I’ve been letting this one ruminate for a while, but a post from a writer I admire prompted me to finally put fingers to keyboard.
In the 7-odd years I’ve had a Facebook profile, a handful of either direct friends, or friends of friends, or friends of friends of friends–you know how it goes–have died. It’s one of the first places people turn after they hear the news, partly, perhaps, as a way to extend their initial shock. After all, it’s bizarre seeing someone preserved in digital format, to be able to click on the familiar profile picture featuring the now-deceased and his or her permanent smile. Suicides are particularly egregious, and people pore over the photos, the slim “About” page, perhaps even scroll down the timeline for the past few months, searching for the slightest clue about what could have pushed the person to the breaking point.
Unless that person happened to share their password with a good friend or relative, their profile will likely stay up. The keys to dismantling digital records usually die along with the people. It’s a type of longevity that I don’t think many people expect to acquire, especially in our contemporary world where a premium is placed on new, fast, relevant. What happened last year, or last month, or even a few hours ago is less interesting than what is happening right now. But when someone dies, the rules get suspended, and Facebook profiles becomes shrines.
It’s darkly amusing, in a way, to see people using Facebook as a ouija board to communicate with the dead. People leave long messages addressed to the deceased, “wherever they are,” or tag them in photos, or wish them well on their birthday. (As though the first thing people do after waking up on the other side is log onto Facebook to check their notifications!) There’s something strange about it, something seemingly disingenuous–but then funerals and other celebrations have never been about the dead person; they’re about the living people left behind.
Perhaps the reason I find Facebook eulogies frustrating is that they uncritically follow the old adage, “don’t speak ill of the dead.” Not that people always adhere to that saying–but a disapproving comment whispered into a sympathetic ear is much more easily forgotten than a Facebook message posted where hundreds, if not thousands, of people can see. I’m of the (admittedly unpopular) mindset that death shouldn’t change the way you feel towards a person. Just because the person has died doesn’t mean that their living actions weren’t harmful, or even that their actions aren’t still causing harm. The living do themselves a great disservice by sanitizing the dead, and Facebook’s high visibility seems to encourage precisely that kind of sanitization.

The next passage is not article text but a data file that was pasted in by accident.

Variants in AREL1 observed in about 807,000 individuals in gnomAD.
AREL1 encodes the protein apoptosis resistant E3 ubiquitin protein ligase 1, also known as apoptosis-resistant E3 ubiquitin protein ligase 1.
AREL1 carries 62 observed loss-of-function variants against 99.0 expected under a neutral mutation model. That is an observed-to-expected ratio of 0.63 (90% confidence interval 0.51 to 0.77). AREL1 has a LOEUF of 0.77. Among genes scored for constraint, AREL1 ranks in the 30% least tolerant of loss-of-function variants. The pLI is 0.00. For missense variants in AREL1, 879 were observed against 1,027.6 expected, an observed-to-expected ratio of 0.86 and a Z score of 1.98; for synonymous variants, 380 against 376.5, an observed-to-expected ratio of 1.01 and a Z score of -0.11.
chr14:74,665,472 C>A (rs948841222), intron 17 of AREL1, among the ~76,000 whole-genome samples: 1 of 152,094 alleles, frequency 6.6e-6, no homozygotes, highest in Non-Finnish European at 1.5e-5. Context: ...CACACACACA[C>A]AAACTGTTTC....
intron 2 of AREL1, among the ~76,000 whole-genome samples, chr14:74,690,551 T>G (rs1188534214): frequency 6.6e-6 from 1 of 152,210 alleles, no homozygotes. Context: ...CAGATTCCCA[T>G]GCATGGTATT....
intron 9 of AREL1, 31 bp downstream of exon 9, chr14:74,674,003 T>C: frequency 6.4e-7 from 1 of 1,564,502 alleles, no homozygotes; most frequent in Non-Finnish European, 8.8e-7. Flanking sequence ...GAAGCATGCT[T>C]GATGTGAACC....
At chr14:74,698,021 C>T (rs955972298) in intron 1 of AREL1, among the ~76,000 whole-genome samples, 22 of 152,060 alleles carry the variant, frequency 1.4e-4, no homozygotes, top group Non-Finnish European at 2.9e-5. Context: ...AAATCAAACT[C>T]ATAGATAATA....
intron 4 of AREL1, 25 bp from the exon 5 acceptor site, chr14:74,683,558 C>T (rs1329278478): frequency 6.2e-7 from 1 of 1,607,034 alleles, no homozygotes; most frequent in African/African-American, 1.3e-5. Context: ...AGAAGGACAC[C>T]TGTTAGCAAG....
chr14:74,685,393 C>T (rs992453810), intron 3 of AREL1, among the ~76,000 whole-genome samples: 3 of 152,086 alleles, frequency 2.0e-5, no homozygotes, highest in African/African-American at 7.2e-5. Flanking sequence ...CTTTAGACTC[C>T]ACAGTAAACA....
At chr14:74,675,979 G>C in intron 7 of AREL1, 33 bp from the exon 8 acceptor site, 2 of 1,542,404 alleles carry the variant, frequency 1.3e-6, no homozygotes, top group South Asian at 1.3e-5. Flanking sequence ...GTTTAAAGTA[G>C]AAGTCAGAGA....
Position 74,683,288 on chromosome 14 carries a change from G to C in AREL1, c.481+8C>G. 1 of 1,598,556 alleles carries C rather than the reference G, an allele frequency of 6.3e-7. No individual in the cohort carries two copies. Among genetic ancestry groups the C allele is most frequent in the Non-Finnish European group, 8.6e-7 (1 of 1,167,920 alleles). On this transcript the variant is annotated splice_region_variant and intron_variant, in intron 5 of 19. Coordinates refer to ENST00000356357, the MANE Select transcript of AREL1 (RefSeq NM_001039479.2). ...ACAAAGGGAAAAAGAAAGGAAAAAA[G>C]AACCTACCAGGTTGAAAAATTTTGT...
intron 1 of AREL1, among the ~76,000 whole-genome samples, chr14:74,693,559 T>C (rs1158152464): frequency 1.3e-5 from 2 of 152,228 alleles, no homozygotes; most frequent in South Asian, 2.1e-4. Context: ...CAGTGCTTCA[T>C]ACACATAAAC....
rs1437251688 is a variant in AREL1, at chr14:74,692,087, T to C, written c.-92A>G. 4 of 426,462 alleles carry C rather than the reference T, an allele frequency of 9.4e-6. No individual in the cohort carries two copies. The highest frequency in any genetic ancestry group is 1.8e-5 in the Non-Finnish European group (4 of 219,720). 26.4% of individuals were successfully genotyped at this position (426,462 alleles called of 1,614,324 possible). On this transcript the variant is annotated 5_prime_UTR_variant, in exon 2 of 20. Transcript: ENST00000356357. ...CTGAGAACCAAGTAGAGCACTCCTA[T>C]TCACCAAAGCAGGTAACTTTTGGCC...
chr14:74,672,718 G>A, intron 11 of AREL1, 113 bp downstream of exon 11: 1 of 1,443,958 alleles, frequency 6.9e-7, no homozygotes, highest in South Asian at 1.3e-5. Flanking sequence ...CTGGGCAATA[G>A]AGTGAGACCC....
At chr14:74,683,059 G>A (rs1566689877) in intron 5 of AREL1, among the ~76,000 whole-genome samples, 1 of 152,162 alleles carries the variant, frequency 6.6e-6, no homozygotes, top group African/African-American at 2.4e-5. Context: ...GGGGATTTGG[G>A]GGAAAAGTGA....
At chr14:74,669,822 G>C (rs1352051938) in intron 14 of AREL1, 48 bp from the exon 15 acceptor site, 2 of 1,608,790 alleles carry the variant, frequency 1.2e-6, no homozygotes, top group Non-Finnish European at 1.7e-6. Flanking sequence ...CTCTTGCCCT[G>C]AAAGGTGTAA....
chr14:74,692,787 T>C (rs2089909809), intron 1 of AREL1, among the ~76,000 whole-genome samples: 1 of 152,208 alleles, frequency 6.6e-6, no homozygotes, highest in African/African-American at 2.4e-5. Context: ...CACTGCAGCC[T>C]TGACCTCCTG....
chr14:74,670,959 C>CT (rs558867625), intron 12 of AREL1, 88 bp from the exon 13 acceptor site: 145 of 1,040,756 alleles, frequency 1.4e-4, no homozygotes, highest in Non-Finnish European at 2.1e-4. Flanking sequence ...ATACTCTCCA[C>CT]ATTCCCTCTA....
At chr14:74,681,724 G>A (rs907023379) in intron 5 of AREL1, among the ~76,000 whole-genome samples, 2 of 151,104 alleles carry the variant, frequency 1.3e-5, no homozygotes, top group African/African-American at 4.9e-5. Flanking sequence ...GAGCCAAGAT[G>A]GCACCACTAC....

It’s certainly interesting to reflect on these ghostly Facebook profiles. They warp the boundary between death and life. We often say that people live on through the books they have written, or the movies they have made. What’s not to say that an astoundingly ordinary Facebook profile isn’t another way of extending life? Of percolating, gently and often colorfully, the veneer that separates what is beyond the grave from what is above it. And as skeptical as I may be of the sentimental messages that people write, clearly Facebook allows people to mourn in a seemingly productive way. The latent sense of guilt that those who continue living often express over having forgotten a loved one’s face is no longer a risk in a world where everyone, no matter how un-extrordinary, spends their life building their own, perfect shrine. Even in death, people worry about how they will be perceived, and what’s more powerful (and simultaneously more disturbing) than being able to control how people perceive you? Only the photos you deigned to share, the thoughts you dared to express, can be used against you. Those recorded words and photographs will win out over ever-fading, imperfect memory.
So what happens to those hollow profiles, those shadows of the dead? Will they ever be deleted? Or will they remain, scattered like so many brittle leaves, across the blue-and-white, for people to remember, always and always?